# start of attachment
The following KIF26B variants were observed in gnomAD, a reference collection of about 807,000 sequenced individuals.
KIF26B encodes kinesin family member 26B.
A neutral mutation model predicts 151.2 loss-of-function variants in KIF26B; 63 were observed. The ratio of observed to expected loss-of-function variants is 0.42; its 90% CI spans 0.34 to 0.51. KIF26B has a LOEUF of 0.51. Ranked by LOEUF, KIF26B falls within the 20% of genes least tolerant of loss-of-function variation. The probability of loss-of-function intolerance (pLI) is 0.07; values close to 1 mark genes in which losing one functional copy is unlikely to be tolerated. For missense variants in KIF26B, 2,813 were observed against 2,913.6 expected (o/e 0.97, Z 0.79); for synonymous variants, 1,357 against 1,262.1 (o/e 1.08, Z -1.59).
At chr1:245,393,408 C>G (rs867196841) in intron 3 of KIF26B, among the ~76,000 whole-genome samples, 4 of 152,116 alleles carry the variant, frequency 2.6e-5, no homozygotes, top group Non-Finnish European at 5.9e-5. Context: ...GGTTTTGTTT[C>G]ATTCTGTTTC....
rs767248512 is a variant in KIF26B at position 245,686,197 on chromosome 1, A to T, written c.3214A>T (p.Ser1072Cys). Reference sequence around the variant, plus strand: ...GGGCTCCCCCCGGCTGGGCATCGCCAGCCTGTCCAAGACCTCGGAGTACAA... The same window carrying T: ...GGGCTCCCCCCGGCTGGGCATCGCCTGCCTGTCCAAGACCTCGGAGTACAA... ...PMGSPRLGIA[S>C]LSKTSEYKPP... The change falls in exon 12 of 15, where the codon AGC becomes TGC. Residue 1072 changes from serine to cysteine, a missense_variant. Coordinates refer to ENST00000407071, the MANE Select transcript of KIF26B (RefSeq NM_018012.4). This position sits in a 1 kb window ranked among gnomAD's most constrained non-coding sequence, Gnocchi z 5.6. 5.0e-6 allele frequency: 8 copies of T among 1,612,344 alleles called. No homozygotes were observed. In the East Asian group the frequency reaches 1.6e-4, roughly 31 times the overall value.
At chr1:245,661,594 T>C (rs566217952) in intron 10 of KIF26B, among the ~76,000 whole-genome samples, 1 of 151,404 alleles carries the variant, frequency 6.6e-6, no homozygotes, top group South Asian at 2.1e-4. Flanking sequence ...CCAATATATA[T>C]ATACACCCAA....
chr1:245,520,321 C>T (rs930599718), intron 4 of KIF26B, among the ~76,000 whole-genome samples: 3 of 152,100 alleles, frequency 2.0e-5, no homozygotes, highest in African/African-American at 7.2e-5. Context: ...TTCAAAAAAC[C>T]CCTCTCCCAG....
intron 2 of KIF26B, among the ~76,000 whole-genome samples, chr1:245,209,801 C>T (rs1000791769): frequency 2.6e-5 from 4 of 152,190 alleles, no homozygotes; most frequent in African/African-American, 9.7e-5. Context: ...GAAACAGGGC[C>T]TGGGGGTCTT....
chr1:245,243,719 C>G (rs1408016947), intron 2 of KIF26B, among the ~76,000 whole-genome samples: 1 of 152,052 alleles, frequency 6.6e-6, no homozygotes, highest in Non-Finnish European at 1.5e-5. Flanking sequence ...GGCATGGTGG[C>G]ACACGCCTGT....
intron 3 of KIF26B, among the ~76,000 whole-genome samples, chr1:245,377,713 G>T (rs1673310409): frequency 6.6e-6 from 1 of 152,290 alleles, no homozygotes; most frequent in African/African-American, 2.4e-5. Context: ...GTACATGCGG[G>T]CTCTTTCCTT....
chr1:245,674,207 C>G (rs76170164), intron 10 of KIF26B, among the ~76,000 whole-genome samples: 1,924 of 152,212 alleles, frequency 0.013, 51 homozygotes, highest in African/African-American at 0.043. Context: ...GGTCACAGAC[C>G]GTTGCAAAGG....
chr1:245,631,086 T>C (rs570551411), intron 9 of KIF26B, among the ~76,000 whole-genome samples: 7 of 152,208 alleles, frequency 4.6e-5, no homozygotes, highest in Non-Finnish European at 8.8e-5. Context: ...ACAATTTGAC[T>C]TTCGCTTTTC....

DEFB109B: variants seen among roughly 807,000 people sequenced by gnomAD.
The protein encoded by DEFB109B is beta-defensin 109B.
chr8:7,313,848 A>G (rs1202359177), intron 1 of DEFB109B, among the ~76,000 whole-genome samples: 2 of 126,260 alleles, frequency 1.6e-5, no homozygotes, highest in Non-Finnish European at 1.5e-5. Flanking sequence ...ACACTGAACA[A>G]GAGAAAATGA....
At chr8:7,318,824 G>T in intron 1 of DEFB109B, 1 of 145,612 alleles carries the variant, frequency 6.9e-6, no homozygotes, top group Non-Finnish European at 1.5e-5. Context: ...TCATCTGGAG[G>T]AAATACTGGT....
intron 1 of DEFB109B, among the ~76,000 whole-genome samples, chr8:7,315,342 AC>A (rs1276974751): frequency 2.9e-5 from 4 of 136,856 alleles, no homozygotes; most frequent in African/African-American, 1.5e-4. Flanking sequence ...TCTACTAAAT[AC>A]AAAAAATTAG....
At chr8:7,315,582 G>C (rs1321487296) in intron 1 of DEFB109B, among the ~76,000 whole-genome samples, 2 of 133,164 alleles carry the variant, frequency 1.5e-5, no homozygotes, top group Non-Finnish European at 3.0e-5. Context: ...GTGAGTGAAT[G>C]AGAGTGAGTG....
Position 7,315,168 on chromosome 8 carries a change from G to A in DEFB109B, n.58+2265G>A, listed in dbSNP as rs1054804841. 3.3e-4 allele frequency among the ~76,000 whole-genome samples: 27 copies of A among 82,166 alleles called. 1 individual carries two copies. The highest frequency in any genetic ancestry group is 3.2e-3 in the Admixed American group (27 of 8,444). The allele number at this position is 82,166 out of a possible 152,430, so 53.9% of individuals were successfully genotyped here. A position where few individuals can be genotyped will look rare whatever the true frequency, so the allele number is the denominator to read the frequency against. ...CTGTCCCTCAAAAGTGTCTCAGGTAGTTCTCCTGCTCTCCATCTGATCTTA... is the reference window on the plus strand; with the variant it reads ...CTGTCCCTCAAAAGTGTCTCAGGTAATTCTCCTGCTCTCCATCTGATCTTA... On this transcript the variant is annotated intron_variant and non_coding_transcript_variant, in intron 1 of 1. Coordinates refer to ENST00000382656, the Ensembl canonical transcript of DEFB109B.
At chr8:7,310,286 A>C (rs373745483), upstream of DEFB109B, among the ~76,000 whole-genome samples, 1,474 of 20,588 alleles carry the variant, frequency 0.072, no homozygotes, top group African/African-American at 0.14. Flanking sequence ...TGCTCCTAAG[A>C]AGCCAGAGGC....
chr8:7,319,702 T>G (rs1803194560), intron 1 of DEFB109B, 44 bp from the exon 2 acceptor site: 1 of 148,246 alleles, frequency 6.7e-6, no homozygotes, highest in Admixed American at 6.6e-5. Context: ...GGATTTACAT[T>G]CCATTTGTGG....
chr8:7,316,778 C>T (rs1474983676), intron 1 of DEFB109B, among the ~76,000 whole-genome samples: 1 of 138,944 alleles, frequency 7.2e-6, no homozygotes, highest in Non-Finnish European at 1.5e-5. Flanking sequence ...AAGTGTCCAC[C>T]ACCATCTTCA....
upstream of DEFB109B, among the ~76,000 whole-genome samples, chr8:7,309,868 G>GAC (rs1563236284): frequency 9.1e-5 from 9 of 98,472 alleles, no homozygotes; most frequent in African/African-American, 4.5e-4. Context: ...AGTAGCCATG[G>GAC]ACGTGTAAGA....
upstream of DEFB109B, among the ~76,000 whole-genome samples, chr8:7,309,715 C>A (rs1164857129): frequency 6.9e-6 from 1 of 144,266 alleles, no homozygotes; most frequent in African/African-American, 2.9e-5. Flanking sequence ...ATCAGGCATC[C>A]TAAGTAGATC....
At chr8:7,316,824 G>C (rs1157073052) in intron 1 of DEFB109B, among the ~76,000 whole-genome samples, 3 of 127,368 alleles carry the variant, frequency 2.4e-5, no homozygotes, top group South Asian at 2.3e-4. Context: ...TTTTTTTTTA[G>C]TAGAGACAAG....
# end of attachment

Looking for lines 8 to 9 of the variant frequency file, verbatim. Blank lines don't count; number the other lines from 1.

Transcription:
intron 2 of KIF26B, among the ~76,000 whole-genome samples, chr1:245,209,801 C>T (rs1000791769): frequency 2.6e-5 from 4 of 152,190 alleles, no homozygotes; most frequent in African/African-American, 9.7e-5. Context: ...GAAACAGGGC[C>T]TGGGGGTCTT....
chr1:245,243,719 C>G (rs1408016947), intron 2 of KIF26B, among the ~76,000 whole-genome samples: 1 of 152,052 alleles, frequency 6.6e-6, no homozygotes, highest in Non-Finnish European at 1.5e-5. Flanking sequence ...GGCATGGTGG[C>G]ACACGCCTGT....